My wife and I were reading the paper together when we saw a syndicated copy of your column titled “Morning after pill brings ad new day.” As someone who after some careful thought generally supports the idea of the morning after pill being made an over the counter medication (as long as the fine print is cleared up to add an explanation of just what the manufacturer’s studies conclude is the maximum safe doses a month) I would have to say that your article is potentially one of the most damaging pieces in the debate for that ideal that I have read in recent memory.
As an east-coast college student, I live in an environment among the most strongly affected by any potential liberalization of the distribution of Plan B or other post-intercourse contraceptives. However instead of rationally listing, explaining, and justifying the sizable benefits of wider distribution (and refusing to address the not insignificant issue of the possibility of reduced condom usage leading to the greater transmission of STD’s, particularly in environments like college campuses) you have taken what could be a practical meaningful discussion and injected hatred and emotion, thus indubitably hardening the positions of anyone who could have been on the fence, potentially your strongest ally.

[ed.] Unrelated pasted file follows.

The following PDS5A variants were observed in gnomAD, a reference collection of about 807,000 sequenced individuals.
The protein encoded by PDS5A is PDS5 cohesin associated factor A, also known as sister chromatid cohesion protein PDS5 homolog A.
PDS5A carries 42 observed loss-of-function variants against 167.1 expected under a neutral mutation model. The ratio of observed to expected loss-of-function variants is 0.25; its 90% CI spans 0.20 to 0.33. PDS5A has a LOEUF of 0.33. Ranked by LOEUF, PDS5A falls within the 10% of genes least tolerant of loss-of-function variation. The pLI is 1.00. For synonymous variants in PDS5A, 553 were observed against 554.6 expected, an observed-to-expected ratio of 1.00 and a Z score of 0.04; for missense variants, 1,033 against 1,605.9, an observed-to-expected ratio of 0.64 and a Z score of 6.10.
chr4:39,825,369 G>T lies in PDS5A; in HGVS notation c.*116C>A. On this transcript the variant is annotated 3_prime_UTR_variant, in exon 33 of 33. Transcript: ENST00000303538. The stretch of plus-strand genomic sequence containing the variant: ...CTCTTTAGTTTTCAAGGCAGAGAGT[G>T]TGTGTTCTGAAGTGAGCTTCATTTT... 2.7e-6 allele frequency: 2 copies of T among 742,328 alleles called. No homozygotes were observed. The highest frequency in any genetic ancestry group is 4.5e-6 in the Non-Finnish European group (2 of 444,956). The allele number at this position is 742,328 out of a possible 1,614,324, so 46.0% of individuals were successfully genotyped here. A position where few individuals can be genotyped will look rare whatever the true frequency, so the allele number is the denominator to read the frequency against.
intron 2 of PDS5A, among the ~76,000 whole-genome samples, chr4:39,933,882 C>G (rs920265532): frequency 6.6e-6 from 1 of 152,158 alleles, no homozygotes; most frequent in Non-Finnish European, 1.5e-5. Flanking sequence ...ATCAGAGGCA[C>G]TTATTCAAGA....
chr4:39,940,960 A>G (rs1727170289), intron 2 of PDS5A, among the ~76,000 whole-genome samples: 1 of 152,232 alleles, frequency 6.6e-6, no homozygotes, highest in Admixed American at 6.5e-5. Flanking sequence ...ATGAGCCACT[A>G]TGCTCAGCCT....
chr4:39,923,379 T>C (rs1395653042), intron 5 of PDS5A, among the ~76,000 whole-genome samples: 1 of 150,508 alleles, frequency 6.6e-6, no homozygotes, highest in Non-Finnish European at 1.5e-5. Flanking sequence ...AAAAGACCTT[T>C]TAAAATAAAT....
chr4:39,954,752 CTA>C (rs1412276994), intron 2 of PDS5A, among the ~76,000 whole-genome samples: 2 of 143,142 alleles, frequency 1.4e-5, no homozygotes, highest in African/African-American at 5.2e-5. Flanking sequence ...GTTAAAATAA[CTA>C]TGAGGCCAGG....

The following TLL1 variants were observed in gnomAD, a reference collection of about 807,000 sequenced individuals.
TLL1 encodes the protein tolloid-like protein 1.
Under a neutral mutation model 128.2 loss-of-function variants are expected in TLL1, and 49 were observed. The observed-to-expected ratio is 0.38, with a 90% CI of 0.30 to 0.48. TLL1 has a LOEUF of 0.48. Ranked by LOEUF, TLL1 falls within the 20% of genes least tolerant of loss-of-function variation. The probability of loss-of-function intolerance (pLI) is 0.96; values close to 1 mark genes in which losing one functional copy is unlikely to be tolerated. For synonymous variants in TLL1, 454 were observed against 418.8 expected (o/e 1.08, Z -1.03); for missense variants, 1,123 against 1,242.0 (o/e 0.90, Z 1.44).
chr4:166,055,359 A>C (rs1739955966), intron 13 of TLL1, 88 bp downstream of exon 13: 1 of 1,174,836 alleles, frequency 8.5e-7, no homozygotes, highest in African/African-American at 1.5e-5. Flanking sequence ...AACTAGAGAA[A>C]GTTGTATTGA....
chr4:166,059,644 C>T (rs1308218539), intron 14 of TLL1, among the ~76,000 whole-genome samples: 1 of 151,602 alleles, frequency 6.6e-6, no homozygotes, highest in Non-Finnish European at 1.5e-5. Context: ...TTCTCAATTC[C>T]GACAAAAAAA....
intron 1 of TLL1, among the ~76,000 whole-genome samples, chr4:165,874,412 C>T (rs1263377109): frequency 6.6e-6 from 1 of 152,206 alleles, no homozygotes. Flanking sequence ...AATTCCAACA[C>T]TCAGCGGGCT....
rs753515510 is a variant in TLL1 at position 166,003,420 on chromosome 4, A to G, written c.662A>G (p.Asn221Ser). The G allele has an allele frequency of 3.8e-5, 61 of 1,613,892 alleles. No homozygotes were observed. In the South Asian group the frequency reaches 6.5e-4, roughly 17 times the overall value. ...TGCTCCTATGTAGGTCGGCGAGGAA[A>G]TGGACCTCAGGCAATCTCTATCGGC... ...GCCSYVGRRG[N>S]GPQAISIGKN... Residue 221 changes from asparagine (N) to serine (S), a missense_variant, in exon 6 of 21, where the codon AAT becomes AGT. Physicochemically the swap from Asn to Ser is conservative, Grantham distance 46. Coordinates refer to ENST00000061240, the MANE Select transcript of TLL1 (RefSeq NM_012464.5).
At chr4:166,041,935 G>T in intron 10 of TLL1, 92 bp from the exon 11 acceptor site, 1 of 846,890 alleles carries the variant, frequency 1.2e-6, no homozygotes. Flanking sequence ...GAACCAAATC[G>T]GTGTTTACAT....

Concerned by the OP-ED but supportive of the panel recommendation,
P.S. I notice in a previous column that your criticize almost 1/2 of health care plans for not covering the cost of birth control pills for women. Yet you make no mention of another even worthier item that’s also overlooked – covering the cost of condoms. We have an item that can be purchased by either men OR women, and in addition to helping to prevent pregnancy have a solid economic argument in their favor by reducing the chance of spreading STDs including AIDS – preventable sicknesses which the health insurance provider would then be stuck paying for the treatment thereof.